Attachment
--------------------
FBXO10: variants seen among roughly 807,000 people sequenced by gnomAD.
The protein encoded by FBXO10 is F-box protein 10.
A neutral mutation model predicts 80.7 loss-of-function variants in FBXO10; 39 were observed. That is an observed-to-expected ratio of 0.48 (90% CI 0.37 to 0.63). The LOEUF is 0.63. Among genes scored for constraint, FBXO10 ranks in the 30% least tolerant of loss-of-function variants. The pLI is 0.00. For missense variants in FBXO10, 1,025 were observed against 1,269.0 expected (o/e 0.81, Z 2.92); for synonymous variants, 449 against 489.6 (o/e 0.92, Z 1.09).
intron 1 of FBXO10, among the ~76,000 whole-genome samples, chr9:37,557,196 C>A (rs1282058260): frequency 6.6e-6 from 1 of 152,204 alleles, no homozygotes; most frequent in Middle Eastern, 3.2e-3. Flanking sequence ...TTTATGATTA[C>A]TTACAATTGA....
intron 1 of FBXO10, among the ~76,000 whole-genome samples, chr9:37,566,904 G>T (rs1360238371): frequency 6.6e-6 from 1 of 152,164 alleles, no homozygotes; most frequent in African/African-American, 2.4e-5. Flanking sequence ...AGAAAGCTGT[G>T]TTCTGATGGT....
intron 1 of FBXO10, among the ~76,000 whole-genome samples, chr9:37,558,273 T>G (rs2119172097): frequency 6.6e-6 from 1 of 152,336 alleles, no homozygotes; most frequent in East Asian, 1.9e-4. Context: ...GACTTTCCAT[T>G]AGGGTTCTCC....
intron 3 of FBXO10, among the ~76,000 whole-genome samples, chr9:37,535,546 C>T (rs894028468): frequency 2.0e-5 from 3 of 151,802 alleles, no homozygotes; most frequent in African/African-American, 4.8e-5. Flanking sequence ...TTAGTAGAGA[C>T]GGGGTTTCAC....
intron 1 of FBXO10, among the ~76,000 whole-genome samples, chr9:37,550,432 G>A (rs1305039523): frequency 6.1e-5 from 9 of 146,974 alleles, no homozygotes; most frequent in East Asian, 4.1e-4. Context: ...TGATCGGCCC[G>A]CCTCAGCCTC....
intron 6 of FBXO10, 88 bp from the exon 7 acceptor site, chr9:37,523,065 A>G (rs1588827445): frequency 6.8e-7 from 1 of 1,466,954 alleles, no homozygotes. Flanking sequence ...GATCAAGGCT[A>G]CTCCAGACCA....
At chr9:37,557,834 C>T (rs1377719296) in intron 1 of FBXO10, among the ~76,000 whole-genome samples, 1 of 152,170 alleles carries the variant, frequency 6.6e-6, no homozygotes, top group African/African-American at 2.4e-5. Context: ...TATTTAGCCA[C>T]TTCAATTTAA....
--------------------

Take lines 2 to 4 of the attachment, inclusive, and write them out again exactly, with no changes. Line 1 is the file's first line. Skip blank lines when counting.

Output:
The protein encoded by FBXO10 is F-box protein 10.
A neutral mutation model predicts 80.7 loss-of-function variants in FBXO10; 39 were observed. That is an observed-to-expected ratio of 0.48 (90% CI 0.37 to 0.63). The LOEUF is 0.63. Among genes scored for constraint, FBXO10 ranks in the 30% least tolerant of loss-of-function variants. The pLI is 0.00. For missense variants in FBXO10, 1,025 were observed against 1,269.0 expected (o/e 0.81, Z 2.92); for synonymous variants, 449 against 489.6 (o/e 0.92, Z 1.09).
intron 1 of FBXO10, among the ~76,000 whole-genome samples, chr9:37,557,196 C>A (rs1282058260): frequency 6.6e-6 from 1 of 152,204 alleles, no homozygotes; most frequent in Middle Eastern, 3.2e-3. Flanking sequence ...TTTATGATTA[C>A]TTACAATTGA....